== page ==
Memorial Day. A day we honor our fallen soldiers for their bravery and sacrifice.
I tend to be a relatively passive person. I could attribute this to a philosophy of “Live and let live,” or “To each his own,” a belief that everyone is entitled to his opinion, even if I disagree.
But, it would be more accurate to say I hate conflict and will usually avoid it at all costs.
Some might call the first “excuse” commendable. But, the second–and probably more accurate reason–is cowardice or at least, a lack of bravery.
But today, I’m speaking up, because passivity only serves to grease the slippery slope of prejudice.
This morning started off like any other weekend morning–sipping coffee as I perused the news. I’d already read two of the stories in the past few days–the tragic stabbings of two Portland men who stood up to hate, and the story about the Denver Post sportswriter’s tweet about the Japanese winner of the Indy 500. Both stories angered me–obviously in varying degrees–but upon first reading, for a dozen different reasons, I passively “let it go.” Why?
- It was easier to let it go than say or do anything about it.
- Besides, what can I do?
- I’m tired of anger and hatred.
- I don’t want to offend friends and family.
- Is it possible I’m numbing to the frequency of prejudice?
But this morning, I mentioned Terry Frei’s tweet to Steve.
The more I talked about this tweet, the louder and faster I spoke:
“Can you believe that after more than 75 years since Pearl Harbor was attacked, this man, this educated journalist, still doesn’t think it’s appropriate for a Japanese man to win the Indy 500 on Memorial Day? What did this race car driver have to do with the attack on Pearl Harbor? And what did those Muslim girls on the train have to do with terrorism? You know, prejudice is a slippery slope, and in my opinion, Terry Frei is only slightly higher on that slippery slope than the ignorant bastard who stabbed those two men on the train.”
I was surprised at anger that practically spewed. I thought I’d “compartmentalized” it, shoved it into the faraway recesses of my mind.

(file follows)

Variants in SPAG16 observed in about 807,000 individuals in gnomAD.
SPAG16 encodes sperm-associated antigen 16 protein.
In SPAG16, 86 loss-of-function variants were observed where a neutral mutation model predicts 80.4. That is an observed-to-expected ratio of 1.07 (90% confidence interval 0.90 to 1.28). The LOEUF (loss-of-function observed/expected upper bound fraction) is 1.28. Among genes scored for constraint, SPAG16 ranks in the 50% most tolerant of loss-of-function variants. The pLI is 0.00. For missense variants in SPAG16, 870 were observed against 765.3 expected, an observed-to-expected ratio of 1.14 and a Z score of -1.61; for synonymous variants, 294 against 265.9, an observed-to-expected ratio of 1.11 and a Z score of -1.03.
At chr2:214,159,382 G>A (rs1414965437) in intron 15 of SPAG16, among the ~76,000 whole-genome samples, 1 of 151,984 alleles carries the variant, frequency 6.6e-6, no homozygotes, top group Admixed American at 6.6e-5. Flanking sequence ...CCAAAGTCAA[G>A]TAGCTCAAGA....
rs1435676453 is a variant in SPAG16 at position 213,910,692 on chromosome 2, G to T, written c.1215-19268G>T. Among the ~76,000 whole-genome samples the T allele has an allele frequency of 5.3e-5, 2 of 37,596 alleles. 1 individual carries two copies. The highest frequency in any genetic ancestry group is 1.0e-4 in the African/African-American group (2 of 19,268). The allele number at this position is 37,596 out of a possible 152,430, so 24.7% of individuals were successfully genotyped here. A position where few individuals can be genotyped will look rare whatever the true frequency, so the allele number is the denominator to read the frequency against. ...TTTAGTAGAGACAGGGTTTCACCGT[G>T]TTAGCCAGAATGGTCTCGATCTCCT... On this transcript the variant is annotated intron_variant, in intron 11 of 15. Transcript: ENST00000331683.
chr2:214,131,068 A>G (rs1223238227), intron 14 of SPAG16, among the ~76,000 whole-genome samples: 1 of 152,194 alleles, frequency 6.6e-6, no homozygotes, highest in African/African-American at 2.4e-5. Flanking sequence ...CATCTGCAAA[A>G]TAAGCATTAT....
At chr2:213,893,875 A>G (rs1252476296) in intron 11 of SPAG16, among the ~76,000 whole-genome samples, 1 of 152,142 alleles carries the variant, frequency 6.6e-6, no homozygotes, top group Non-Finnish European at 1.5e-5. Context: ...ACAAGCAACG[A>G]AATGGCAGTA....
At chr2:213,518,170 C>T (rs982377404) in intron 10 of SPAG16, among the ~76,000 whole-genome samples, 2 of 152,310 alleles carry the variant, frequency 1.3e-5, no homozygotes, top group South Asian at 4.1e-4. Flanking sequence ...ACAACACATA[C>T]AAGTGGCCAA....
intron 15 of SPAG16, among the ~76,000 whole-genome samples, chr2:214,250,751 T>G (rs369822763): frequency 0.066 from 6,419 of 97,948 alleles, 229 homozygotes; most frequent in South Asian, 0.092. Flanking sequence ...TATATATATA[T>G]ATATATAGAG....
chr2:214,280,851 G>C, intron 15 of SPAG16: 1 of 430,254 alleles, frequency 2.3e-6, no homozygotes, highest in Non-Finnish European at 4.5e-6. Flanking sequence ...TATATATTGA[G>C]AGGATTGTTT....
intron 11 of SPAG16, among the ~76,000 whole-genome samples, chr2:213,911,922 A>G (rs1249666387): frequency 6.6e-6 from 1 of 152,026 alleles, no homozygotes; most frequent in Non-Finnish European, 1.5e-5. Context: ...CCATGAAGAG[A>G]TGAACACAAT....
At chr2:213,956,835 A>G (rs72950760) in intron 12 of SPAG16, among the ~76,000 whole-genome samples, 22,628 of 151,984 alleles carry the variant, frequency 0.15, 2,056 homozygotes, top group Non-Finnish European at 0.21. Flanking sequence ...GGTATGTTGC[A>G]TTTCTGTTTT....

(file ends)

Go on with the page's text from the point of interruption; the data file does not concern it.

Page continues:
Still, as I hung my flag outside, made a smoothie for breakfast, planted some flowers in the backyard, I continued to try to shove my anger aside. But I couldn’t stop thinking about these two stories, until I realized they’re bound with the same ugly string of prejudice. Only then did I understand my anger, and as I thought about the the abundance of anti-Muslim comments I see on Facebook and how similar some of them are to comments I read from Jeremy Joseph Christian, my anger was fueled.
Prejudice is a slippery slope.
I’m not saying Terry Frei’s tweet about being “uncomfortable” that a Japanese man, Takuma Sato, won the Indy 500 on Memorial Day is comparable to the horrific stabbings of two men by a white supremacist. But the thought that a Japanese race car driver should be resented for winning a race more than 75 years after Pearl Harbor is a result of the same ignorant mindset as those who would believe two young Muslim women should be lumped in with all other Muslims as possible terrorists.
Japanese people are not, 75 years later, connected to the attack on Pearl Harbor. Not all Muslims are terrorists and not all terrorists are Muslim. Not all Christians are white supremacists and not all white supremacists are Christian.
Today, we remember our fallen heroes. I also honor the three men who, on a train in Portland, Oregon on May 26, stood up against hatred. Two lost their lives–Ricky John Best, 53, and Taliesin Myrddin Namkai-Meche, 23. Micah David-Cole Fletcher, 21, was also stabbed and is in serious condition.
The least I can do to honor the courage and sacrifice of all of our heroes is to speak up against prejudice. To honor the three Portland heroes, I also contributed to a GoFundMe account.
A GoFundMe spokesman confirmed to The Post that the company would ensure funds are sent to the victim’s families.
God bless all of our heroes.
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A few of my past blog posts on prejudice’s slippery slope: